I remember feeling like it was Christmas morning every time Lucy awoke asking to be nursed. I know that sounds a little crazy, but I did. I was so excited. My breasts were full and leaky and a little tender, but she nursed so well and seemed so satisfied. I had a blue Boppy (yes, Boppy) with clouds on it. Each time she would awaken, I would pick up her little sweet swaddled self, change her diaper, and get her nursing on the breast. Almost always, it was silent. There were no smart phones or On Demand or DVR. There was no Netflix or Facebook or texting. There was just silence. A little later, I would start to watch reruns of the best show ever made, My So Called Life, at 3:00 am. Sometimes she would sleep on my chest. Mostly at that time she would lay in the pack and to sleep. This sleeping in the pack and play thing was pretty short lived. So was sitting up to nurse.
The early weeks remind me of the early weeks of falling in love. Caught up in a storm of overwhelming obsession with the object of your affection, you stay up late and wake up early just to be together. There are sweaty, sleepy afternoon… naps. Skin sticking to skin, heart bursting from your chest. There is an ache when you are apart, if even just for an hour. The early weeks of Lucy’s life were much like the early weeks of intense romance with a thick layer of primal protectiveness and devotion. I vowed to always love her unconditionally and always protect her.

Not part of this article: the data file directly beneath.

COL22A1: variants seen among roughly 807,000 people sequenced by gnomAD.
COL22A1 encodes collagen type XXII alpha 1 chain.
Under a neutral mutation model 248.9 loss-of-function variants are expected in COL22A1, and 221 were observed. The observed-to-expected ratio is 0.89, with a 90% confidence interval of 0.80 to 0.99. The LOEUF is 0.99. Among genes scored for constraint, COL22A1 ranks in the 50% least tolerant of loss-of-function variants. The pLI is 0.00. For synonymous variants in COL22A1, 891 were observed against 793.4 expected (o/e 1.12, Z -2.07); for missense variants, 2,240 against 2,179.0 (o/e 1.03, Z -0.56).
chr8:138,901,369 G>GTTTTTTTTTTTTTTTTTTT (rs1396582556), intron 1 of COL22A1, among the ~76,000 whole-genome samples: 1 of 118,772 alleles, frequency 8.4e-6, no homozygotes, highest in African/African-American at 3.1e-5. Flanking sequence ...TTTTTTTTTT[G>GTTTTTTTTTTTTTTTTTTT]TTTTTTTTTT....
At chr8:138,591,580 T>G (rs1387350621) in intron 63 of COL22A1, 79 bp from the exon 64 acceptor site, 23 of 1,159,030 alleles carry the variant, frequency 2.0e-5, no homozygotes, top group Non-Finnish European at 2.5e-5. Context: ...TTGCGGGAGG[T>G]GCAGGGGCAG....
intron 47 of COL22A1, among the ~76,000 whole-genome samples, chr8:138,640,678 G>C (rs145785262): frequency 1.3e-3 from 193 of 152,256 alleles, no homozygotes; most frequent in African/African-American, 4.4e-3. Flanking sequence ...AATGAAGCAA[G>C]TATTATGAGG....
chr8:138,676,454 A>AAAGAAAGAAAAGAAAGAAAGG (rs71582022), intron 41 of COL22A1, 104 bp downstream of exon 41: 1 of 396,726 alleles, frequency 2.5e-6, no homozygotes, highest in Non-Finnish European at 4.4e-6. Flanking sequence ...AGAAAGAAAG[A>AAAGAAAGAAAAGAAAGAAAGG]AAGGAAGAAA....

When Lucy was nine days old, I dressed her in a dress that I had waited since her baby shower to dress her in. We drove to Maryland and began “visiting.” I do not recommend doing this at nine days postpartum. But I did and I don’t remember it being a problem at all. I remember being so proud and Joe being so proud. I remember being comfortable and willing to have the close family we visited hold her. I toted my breastfeeding pillow around with me and openly and easily nursed her wherever we went. I had the confidence in my eyes that told everyone around me, “I got this. Don’t bother even questioning if I got this.”